with the link in the description: audible.com/jerryrig. Or text the word “jerryrig” to 500-500.
The Audible Original titles come from diverse categories like theater, journalism, literature,
and the documentary styles like the one I’m listening to now. Even if you decide to cancel
Audible at some point in the future, you still get to keep your books. They’re yours to own
forever. Audible.com/jerryrig. Or text “jerryrig” to 500-500. And thanks to Audible for sponsoring
this video. I’ll unclip the battery connector like a little
Lego from this smorgasbord of Lego connectors. The battery actually has two connectors, one
is found down below by the charging port. So unclipping both of those is a good idea
at this point. I just didn’t know the second one existed until later. I’ll unclip one of
the charging port ribbons, and then I’ll make my way down to the three main ribbons holding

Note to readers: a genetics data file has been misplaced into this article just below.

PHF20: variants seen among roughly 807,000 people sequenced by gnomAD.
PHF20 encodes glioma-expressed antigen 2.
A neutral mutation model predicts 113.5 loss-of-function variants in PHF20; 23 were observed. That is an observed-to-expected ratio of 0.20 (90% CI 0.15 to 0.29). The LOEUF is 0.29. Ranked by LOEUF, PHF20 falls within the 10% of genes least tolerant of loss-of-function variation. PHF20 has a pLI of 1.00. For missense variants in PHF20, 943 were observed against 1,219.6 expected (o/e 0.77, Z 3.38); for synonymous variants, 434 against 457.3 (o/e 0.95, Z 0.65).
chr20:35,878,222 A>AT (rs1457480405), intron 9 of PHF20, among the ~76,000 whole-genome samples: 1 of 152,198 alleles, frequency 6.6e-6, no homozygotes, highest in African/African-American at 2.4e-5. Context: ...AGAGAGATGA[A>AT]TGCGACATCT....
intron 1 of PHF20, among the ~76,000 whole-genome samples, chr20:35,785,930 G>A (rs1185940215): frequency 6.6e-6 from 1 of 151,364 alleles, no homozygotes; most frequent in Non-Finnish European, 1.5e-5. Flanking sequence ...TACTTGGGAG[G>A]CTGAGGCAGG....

the screen to the body of the phone. The screen is significantly more simple this
year than it has been for the previous years, which is definitely appreciated. It only has
3 screws holding the earpiece to the back of the display. Apple throws Phillips head
screws randomly in here and there throughout the phone, so for those of you following along
at home, this is the third type of screwdriver we’ve used so far. The earpiece folds down
which lets us pry away the front sensors from the glass. Replacement parts will become more
common and get cheaper as the phones get older. I’ll try to link some in the video description
as they become available. Screen replacements aren’t super difficult on iPhones. And with
the disappearance of 3D touch, the display is actually thinner and leaves more room for
the larger battery. Speaking of which, I’ve had a few requests
for a straight up clean video shot of the internals – so feel free to screen shot
this, crop it, and use it as your phone wallpaper if you want. Just make sure to tag me on Twitter